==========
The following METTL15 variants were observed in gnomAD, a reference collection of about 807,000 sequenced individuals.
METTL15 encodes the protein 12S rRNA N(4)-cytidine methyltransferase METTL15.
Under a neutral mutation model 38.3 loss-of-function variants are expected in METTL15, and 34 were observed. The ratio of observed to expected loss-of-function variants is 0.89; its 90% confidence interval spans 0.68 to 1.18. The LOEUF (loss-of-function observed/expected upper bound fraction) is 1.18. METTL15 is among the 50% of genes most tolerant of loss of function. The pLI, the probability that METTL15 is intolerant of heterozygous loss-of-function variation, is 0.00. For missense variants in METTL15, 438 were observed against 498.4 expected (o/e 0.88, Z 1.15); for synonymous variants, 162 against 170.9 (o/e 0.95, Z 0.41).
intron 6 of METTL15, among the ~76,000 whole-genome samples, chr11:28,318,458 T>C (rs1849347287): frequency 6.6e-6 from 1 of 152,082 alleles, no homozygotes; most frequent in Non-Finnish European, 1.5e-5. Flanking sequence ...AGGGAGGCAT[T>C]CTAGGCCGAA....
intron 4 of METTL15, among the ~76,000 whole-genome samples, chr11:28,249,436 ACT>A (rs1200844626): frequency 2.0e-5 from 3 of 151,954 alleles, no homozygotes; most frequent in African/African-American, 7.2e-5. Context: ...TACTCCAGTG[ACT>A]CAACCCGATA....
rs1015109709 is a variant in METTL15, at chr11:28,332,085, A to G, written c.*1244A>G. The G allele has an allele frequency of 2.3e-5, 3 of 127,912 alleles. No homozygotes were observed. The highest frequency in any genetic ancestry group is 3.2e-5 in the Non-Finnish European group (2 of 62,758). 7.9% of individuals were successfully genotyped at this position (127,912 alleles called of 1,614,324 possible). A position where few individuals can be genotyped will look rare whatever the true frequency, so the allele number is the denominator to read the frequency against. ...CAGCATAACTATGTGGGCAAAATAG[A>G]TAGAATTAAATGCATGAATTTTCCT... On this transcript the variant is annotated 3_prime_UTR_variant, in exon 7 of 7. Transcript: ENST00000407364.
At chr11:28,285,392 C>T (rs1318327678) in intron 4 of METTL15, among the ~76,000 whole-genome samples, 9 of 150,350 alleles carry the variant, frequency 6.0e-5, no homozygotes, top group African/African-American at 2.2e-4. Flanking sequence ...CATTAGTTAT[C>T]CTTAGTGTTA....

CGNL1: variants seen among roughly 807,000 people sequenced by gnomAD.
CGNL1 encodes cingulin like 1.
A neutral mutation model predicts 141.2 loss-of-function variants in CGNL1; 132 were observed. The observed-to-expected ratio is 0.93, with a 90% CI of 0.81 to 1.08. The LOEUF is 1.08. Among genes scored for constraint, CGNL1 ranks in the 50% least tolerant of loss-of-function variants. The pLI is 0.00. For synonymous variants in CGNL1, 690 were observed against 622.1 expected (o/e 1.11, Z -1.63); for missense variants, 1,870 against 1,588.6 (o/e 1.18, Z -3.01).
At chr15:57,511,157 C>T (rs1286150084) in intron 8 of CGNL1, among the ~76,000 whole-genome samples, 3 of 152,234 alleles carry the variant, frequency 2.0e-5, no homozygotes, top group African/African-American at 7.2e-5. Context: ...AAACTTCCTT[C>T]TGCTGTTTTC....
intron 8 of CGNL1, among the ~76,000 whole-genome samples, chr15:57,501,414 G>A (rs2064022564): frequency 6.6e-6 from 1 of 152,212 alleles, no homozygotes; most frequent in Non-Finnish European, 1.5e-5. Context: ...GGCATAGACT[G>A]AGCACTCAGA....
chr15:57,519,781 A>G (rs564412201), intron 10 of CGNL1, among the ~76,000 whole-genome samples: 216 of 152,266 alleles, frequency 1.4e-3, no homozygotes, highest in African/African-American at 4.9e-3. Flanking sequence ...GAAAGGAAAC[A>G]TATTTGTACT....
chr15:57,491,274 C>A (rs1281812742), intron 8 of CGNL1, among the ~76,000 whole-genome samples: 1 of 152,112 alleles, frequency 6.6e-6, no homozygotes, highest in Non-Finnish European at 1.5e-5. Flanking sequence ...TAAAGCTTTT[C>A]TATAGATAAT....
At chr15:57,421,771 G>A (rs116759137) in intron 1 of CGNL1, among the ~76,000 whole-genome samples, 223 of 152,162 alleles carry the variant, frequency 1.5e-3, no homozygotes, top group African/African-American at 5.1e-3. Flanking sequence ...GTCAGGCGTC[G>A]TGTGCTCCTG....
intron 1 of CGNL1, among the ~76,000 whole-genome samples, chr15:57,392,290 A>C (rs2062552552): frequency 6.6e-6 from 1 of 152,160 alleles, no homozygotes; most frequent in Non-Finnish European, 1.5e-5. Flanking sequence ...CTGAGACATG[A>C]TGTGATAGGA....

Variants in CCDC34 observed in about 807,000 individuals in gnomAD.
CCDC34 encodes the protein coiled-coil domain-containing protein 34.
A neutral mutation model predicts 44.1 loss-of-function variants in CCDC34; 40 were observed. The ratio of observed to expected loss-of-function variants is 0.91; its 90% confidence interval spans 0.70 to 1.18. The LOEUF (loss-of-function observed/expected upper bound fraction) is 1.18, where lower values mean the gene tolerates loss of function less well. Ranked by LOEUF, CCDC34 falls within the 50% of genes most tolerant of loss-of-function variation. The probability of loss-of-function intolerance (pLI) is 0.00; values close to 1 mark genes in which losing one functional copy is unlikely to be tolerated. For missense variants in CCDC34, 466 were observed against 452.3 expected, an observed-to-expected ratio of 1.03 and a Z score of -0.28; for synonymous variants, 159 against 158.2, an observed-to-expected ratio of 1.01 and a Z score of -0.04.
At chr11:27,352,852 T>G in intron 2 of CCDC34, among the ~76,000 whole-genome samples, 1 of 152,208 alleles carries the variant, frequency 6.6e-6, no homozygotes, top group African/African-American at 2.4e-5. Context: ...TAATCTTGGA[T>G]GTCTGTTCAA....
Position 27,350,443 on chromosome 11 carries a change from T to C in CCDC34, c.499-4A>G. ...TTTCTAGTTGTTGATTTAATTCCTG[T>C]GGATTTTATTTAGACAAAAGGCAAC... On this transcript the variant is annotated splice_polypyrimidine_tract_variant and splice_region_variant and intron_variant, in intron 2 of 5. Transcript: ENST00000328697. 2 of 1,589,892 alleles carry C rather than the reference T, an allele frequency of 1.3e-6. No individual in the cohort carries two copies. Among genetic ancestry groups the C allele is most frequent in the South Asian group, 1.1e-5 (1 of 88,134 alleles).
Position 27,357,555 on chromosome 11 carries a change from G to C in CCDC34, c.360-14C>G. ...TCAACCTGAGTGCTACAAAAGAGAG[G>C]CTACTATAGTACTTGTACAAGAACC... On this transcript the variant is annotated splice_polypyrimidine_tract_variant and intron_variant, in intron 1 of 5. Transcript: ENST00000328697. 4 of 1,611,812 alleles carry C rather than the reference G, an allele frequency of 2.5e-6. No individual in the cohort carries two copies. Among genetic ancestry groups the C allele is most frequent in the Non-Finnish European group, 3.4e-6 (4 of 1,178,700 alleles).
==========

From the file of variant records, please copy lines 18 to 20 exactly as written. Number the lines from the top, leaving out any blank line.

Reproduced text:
CCDC34 encodes the protein coiled-coil domain-containing protein 34.
A neutral mutation model predicts 44.1 loss-of-function variants in CCDC34; 40 were observed. The ratio of observed to expected loss-of-function variants is 0.91; its 90% confidence interval spans 0.70 to 1.18. The LOEUF (loss-of-function observed/expected upper bound fraction) is 1.18, where lower values mean the gene tolerates loss of function less well. Ranked by LOEUF, CCDC34 falls within the 50% of genes most tolerant of loss-of-function variation. The probability of loss-of-function intolerance (pLI) is 0.00; values close to 1 mark genes in which losing one functional copy is unlikely to be tolerated. For missense variants in CCDC34, 466 were observed against 452.3 expected, an observed-to-expected ratio of 1.03 and a Z score of -0.28; for synonymous variants, 159 against 158.2, an observed-to-expected ratio of 1.01 and a Z score of -0.04.
At chr11:27,352,852 T>G in intron 2 of CCDC34, among the ~76,000 whole-genome samples, 1 of 152,208 alleles carries the variant, frequency 6.6e-6, no homozygotes, top group African/African-American at 2.4e-5. Context: ...TAATCTTGGA[T>G]GTCTGTTCAA....